Tuesday, February 27, 2007

Now that we've got smoking out of our restaurants and bars — not that I'm complaining — and out of our office buildings — which is awesome, especially in wintertime, when I get to pass all these shivering office workers smoking outside their building lobbies — it looks like the next step is taking smoking out of the movies. I don't mean out of movie theaters, which I'm pretty sure we've accomplished, and now parents can bring their toddlers' fragile lungs to see Norbit without any risk of getting cancer, but off the celluloid itself. Which I was kind of aware of, since we all know there are those anti-art types who won't be satisfied until we're all forced to entertain ourselves by starting at a blank screen in total silence, and even then, they'll find some sort of subliminal message on the screen, corrupting our children, but I didn't realize that our society's tobacco warriors, protecting our freedom to harm ourselves after fifty or sixty years, were organized enough to purchase ad space on top of a NYC taxi cab.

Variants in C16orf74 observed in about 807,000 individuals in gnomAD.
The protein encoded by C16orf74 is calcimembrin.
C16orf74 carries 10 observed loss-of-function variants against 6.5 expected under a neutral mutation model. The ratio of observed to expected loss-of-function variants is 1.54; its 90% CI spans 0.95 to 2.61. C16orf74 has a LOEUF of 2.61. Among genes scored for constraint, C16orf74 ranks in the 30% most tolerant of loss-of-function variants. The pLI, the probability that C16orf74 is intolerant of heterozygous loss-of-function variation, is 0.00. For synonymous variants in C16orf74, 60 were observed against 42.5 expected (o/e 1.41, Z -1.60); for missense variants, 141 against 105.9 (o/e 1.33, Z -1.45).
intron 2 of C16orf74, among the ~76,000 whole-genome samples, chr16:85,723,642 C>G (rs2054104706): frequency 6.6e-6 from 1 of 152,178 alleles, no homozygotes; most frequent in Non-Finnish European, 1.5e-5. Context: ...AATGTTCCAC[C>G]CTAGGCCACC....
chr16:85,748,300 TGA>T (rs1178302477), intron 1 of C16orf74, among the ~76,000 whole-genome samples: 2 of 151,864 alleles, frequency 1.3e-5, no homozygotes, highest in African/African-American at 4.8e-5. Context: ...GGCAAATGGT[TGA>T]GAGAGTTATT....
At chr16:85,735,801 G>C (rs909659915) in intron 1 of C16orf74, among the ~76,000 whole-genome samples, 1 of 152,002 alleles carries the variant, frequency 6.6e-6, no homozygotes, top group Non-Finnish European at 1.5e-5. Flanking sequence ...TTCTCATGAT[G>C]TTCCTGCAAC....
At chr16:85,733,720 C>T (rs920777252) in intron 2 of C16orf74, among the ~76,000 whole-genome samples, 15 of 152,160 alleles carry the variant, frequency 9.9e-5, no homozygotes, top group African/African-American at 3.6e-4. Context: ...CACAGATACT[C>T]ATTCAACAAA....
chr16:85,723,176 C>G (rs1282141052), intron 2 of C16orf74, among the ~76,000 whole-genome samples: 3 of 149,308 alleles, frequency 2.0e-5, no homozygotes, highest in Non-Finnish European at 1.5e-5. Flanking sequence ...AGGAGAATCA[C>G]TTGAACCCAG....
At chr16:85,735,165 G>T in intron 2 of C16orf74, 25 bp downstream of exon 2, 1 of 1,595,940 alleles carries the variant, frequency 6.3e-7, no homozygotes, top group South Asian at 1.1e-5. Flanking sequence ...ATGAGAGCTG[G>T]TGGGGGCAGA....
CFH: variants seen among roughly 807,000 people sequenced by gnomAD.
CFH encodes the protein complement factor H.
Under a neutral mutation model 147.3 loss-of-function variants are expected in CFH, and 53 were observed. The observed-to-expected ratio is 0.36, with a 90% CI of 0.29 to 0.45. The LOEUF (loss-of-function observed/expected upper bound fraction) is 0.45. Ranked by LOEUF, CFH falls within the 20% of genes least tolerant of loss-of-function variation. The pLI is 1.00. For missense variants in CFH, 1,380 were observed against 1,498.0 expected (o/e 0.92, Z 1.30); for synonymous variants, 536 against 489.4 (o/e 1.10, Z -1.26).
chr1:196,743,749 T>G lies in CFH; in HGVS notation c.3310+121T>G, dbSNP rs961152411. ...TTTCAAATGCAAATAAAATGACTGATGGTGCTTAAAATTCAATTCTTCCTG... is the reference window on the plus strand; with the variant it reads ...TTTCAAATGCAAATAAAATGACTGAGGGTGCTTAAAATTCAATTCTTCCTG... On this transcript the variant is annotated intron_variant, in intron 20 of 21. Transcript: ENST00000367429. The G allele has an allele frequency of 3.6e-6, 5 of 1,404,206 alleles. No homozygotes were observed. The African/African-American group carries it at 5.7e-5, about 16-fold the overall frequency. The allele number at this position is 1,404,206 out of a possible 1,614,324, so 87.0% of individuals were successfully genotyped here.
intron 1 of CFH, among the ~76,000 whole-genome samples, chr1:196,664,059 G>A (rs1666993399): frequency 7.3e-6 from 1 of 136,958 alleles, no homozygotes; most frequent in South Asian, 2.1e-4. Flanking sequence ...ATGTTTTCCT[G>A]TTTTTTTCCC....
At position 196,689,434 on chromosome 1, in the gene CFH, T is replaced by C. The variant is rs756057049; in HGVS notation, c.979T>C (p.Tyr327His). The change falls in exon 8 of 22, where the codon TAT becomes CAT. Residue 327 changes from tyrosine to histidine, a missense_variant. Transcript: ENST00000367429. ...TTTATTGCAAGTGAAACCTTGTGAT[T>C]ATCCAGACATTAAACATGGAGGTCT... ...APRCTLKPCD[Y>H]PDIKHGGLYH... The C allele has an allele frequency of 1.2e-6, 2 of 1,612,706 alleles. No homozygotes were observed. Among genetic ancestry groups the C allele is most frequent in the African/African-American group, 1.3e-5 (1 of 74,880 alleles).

It's the Smoke Free Movies campaign, spearheaded at UC San Fransisco, that's convinced that the reason why kids die from smoking isn't because they're nihilistic burnouts in a world that condescends to them, but because they saw someone cool, like Humphrey Bogart or James Dean, lighting a cigarette in the movies as a shorthand artistic device. Professor Stanton A. Glantz, who was clearly never cool, argues that if the Motion Picture Association of America, the industry watchdog group that arbitrarily hands out movie ratings, arbitrarily gave every movie to feature smoking an R rating, think of all the lives we'd save! Because teenagers don't see R-rated movies, and they don't think that the extra violence and sex in R-rated movies makes them cooler than their PG-13 brethren! If Glantz really wanted to demean smoking in teenage eyes, then smoking should earn a movie an automatic G rating, just like those sickeningly moralistic VeggieTales movies or something.